About Programs and Activities

Programs and activities provide educational experiences in a variety of contexts such as informal science education settings, formal education K-12 classrooms, and public outreach events. Most activities are designed to be facilitated by an educator.

Programs and ActivitiesPowers of Ten game

The NISE Network offers a variety of programs and activities designed for small and large groups in different settings. Educational programs are a great way to introduce audiences to nanoscale science, engineering, and technology. Presenters can choose a format and topic that is appropriate for their audience. Facilitated experiences foster visitor conversation and interaction, and allow educators to adjust the science content, pace, and delivery style to suit their audience.

NISE Net programs are fully documented, with complete lesson plans or activity guides, presentation materials, and other training and delivery tools. They are ready to use, and can also be easily adapted. The programs created by the NISE Network were developed through a process of prototyping, audience evaluation research, educator peer review, and in-depth partnerships with scientists. Learn more about the development process.

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Short Activitiessand plants pants short activity

Short activities are brief hands-on experiences lasting less than 15 minutes for small groups of people. They are often presented at a table, cart, or demonstration space in a variety of settings such as a museum exhibit gallery, classroom, or other public or group setting. Multiple short activities can be combined to form a longer activity.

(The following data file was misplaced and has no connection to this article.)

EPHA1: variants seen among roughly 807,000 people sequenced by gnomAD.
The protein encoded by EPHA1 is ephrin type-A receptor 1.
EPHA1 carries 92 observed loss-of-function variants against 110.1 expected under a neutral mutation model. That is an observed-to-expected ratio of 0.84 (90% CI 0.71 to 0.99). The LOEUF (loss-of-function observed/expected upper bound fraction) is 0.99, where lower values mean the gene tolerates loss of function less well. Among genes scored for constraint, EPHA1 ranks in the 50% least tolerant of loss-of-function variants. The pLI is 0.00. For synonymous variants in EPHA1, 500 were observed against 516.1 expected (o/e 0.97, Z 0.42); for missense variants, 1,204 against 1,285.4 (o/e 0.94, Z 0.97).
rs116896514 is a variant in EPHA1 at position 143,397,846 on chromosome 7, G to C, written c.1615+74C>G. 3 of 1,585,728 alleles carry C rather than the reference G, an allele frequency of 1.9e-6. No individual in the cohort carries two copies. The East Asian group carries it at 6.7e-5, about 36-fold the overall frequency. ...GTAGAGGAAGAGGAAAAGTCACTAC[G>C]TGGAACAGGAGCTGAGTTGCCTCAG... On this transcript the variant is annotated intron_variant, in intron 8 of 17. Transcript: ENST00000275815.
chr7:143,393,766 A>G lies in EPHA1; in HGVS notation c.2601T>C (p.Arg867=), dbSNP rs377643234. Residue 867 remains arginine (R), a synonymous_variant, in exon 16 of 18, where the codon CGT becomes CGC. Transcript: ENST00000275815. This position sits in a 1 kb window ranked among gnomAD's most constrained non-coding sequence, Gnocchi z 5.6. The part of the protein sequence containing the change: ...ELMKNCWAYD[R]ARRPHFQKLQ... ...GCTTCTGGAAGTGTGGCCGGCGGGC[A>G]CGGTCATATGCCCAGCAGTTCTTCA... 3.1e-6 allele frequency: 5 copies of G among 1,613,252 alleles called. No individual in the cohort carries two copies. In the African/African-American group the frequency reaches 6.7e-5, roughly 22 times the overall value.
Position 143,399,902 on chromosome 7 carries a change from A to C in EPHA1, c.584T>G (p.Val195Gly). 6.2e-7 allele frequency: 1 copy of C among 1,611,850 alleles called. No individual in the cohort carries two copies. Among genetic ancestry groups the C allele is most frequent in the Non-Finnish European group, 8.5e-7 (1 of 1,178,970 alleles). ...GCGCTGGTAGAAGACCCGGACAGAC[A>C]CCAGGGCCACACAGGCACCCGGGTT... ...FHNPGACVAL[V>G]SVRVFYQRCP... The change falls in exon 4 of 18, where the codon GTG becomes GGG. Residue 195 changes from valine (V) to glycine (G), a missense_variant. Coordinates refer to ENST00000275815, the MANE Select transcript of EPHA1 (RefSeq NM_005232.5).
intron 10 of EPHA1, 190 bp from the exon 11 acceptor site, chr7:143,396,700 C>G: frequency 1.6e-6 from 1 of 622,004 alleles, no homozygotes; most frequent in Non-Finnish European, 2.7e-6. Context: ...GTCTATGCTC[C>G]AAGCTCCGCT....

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Long Activitieslonger program stained glass

Long activities include workshops, labs, and lessons for student and public groups. They are typically presented in a dedicated classroom or lab space. Length of time can vary from 45 minutes for an elementary field trip or classroom program to several hours or days for labs, summer camps, and other program formats.

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Forums manual cover


Forums encourage audience consideration of the societal and ethical implications of science and technology topics. Older youth and adults participate in one- to two-hour facilitated discussions that promote exploration and foster dialogue and deliberation. Forums can take place in a variety of contexts, including science museums, libraries, community centers, and schools.

The promise of nanoscale science is that it will dramatically improve our lives, bringing great advances in applications as diverse as medicine, energy, electrical and chemical engineering, and materials. At the same time, nanotechnology’s potential negative impacts also touch on a broad range of societal concerns—environmental pollution, toxicity, the prospects of artificial life, and privacy violations. There is a middle ground between scientific boosterism and extreme rejection of these new technologies. Open deliberation can help steer the public conversation toward this more thoughtful, considered middle ground.

Around the world, science centers are exploring new models for engaging adults and older youth in dialog and deliberation about the societal implications of technology. This democratization of public policy deliberation is a strategy for stimulating learning by both scientists and the public and for revitalizing the role of science museums in the life of the nation. These efforts lay the groundwork for an exciting new role for science centers as a bridge between scientists and the public.